Prostate Disorder

Summer 2004 CSANews Issue 51  |  Posted date : May 10, 2007.Back to list

One of the most common disorders afflicting senior male travellers is the development of prostate symptoms, often requiring acute medical care while away from home. While the symptoms, disorders and treatments are quite well known, here is some information of particular interest to male travellers.

Symptoms of prostate disorders do not commonly present overnight. Usually, there are gradual increases in the initial signs and symptoms, such as more frequent urination, the need to get up at night to void, a slowing stream with more difficulty starting and ending urination and, occasionally, a sign of blood in the urine. If these symptoms occur prior to leaving home, a visit to one’s personal physician with the possibility of a urological consultation may be in order. If the findings indicate simple enlargement of the prostate (Benign Prostatic Hypertrophy), lifestyle changes alone may suffice and the expectations of a trouble-free holiday are high. If the examinations suggest the need to rule out a more serious problem, such as the risk of obstruction or the possibility of cancer, further urological procedures would be necessary.

Apart from the traditional digital examination, the most common screening test for prostate cancer is the PSA (Prostate Specific Antigen). If elevated, this blood test may indicate the possibility of cancer and more tests would be indicated.

A needle biopsy of several sites in the prostate is a more reliable way of determining whether cancer is present.

This is done as an outpatient procedure. Should the test results be normal but the symptoms are significant, the appropriate procedure would be a TURP (Transurethral Resection of the Prostate). This common surgical procedure involves the removal of portions of the prostate obstructing the normal flow from the bladder. In advanced cases of simple prostate enlargement, or for certain cases in which cancer has been determined, a complete removal of the prostate is indicated. Some cases of prostate cancer are treated with drugs and hormones, while certain cases may be best managed with radiation or chemotherapy.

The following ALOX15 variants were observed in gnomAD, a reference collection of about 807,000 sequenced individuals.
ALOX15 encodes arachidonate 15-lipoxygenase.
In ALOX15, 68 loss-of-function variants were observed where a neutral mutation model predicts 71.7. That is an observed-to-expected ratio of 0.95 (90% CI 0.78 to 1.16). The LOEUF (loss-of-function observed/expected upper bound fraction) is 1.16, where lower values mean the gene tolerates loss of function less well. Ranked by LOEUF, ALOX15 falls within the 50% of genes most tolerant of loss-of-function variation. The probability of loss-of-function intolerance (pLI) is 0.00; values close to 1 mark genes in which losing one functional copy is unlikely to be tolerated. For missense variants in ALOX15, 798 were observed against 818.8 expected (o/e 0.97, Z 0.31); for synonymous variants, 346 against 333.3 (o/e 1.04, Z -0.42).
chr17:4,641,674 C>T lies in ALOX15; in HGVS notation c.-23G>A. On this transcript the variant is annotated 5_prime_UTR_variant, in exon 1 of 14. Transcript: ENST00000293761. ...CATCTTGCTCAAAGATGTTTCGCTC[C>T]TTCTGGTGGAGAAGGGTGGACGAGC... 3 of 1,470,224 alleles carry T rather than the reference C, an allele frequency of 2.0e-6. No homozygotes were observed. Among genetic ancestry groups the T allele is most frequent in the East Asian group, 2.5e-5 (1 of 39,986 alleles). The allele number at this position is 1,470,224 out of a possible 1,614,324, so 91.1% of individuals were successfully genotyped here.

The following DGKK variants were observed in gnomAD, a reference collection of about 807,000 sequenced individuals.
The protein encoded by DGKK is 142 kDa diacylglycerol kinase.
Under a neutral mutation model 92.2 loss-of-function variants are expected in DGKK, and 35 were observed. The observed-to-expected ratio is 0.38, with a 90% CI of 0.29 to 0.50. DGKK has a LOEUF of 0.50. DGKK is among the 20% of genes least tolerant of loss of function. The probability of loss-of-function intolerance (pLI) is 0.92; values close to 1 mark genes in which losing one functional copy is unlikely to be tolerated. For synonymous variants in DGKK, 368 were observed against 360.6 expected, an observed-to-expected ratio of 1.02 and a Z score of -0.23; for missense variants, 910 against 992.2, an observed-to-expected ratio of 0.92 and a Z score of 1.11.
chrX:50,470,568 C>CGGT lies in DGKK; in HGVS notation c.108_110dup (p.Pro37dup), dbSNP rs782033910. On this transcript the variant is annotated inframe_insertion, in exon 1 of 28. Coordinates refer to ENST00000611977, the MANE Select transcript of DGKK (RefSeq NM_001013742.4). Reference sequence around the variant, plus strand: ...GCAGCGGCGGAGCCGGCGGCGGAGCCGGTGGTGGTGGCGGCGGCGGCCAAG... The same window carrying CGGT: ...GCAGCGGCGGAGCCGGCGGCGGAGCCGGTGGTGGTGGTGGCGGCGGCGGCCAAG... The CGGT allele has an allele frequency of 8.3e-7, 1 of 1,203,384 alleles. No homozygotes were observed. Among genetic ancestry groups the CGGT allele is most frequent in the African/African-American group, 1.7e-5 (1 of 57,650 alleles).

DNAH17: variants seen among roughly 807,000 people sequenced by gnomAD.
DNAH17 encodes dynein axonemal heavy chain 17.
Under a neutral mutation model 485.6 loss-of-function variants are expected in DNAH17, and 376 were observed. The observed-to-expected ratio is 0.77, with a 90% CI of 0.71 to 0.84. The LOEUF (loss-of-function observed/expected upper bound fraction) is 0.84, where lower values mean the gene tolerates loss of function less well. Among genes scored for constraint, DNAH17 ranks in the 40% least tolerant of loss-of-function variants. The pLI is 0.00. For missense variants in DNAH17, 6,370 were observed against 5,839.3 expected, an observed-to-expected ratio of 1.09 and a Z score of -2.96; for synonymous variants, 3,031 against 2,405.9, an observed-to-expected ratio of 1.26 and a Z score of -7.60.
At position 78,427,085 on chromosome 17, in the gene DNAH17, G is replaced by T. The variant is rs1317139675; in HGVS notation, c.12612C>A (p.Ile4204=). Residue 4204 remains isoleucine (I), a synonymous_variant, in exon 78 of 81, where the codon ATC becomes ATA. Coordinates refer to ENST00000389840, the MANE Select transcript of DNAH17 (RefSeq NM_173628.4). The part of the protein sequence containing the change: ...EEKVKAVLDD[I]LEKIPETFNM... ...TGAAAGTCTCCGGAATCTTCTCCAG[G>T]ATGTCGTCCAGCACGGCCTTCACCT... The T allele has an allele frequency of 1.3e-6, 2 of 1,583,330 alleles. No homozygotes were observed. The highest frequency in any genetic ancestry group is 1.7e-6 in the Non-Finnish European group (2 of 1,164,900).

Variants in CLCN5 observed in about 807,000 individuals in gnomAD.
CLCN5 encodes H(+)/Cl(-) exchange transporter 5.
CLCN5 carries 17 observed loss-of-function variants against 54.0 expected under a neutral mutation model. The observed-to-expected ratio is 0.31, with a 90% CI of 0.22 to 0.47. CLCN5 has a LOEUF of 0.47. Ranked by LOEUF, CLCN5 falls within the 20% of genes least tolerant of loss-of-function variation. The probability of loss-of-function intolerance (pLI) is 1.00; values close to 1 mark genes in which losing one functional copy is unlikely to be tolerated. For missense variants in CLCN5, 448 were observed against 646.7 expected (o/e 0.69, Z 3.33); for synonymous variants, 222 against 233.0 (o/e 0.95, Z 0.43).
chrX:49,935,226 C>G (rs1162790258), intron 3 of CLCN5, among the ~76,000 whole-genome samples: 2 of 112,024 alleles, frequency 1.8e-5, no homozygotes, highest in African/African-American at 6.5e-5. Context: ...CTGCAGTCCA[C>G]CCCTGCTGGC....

Of what should you be aware when travelling?
The most common precipitating factor in requiring treatment is complete obstruction precipitated by inappropriate alcohol consumption. Men with symptoms of prostate problems should either avoid alcoholic beverages altogether, or consume them in extreme moderation. “Benders” are dangerous and very commonly precipitate the need for an urgent trip to the local emergency room, insertion of a catheter, a cystoscopic procedure and in many cases, a surgical procedure. Such a single night of indiscretion can lead to a very uncomfortable and expensive outcome.

Treatment at an early stage is simpler and more effective. While away from home, if there is increasing frequency and a burning sensation when voiding, more trips to the bathroom at night or more difficulty starting and stopping, make an appointment with a family physician. Don’t wait. Your insurer’s assistance operations can direct you. Often, an antibiotic and/or other medication can tide you over until you go home. If more extensive investigation or treatment is advised, you and/or your insurer may decide that it’s best to proceed at home. A call to your home physician while travelling may often save a wait once you return.

A number of websites provide more detail. See www.viprostate.org for an excellent summary of prostate disorders. Newer methods for maintaining good prostate health, as well as for treating prostate disease, are being published monthly.

Stay tuned.